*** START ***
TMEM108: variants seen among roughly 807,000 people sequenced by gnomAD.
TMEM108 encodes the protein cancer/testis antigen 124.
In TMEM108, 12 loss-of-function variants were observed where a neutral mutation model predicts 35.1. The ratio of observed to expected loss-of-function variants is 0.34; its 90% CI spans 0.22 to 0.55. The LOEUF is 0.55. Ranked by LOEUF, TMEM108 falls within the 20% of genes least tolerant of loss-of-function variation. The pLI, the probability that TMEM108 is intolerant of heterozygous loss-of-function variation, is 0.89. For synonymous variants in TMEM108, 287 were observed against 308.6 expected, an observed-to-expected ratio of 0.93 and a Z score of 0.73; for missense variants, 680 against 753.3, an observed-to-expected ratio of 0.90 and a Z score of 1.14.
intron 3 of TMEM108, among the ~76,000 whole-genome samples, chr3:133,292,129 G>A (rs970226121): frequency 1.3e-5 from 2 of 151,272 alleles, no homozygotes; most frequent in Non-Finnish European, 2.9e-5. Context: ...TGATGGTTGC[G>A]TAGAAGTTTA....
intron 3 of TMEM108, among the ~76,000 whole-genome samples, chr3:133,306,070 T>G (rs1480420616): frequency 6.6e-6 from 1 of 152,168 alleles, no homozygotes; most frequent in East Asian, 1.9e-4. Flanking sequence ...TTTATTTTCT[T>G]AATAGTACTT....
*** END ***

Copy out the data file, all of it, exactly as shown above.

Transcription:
TMEM108: variants seen among roughly 807,000 people sequenced by gnomAD.
TMEM108 encodes the protein cancer/testis antigen 124.
In TMEM108, 12 loss-of-function variants were observed where a neutral mutation model predicts 35.1. The ratio of observed to expected loss-of-function variants is 0.34; its 90% CI spans 0.22 to 0.55. The LOEUF is 0.55. Ranked by LOEUF, TMEM108 falls within the 20% of genes least tolerant of loss-of-function variation. The pLI, the probability that TMEM108 is intolerant of heterozygous loss-of-function variation, is 0.89. For synonymous variants in TMEM108, 287 were observed against 308.6 expected, an observed-to-expected ratio of 0.93 and a Z score of 0.73; for missense variants, 680 against 753.3, an observed-to-expected ratio of 0.90 and a Z score of 1.14.
intron 3 of TMEM108, among the ~76,000 whole-genome samples, chr3:133,292,129 G>A (rs970226121): frequency 1.3e-5 from 2 of 151,272 alleles, no homozygotes; most frequent in Non-Finnish European, 2.9e-5. Context: ...TGATGGTTGC[G>A]TAGAAGTTTA....
intron 3 of TMEM108, among the ~76,000 whole-genome samples, chr3:133,306,070 T>G (rs1480420616): frequency 6.6e-6 from 1 of 152,168 alleles, no homozygotes; most frequent in East Asian, 1.9e-4. Flanking sequence ...TTTATTTTCT[T>G]AATAGTACTT....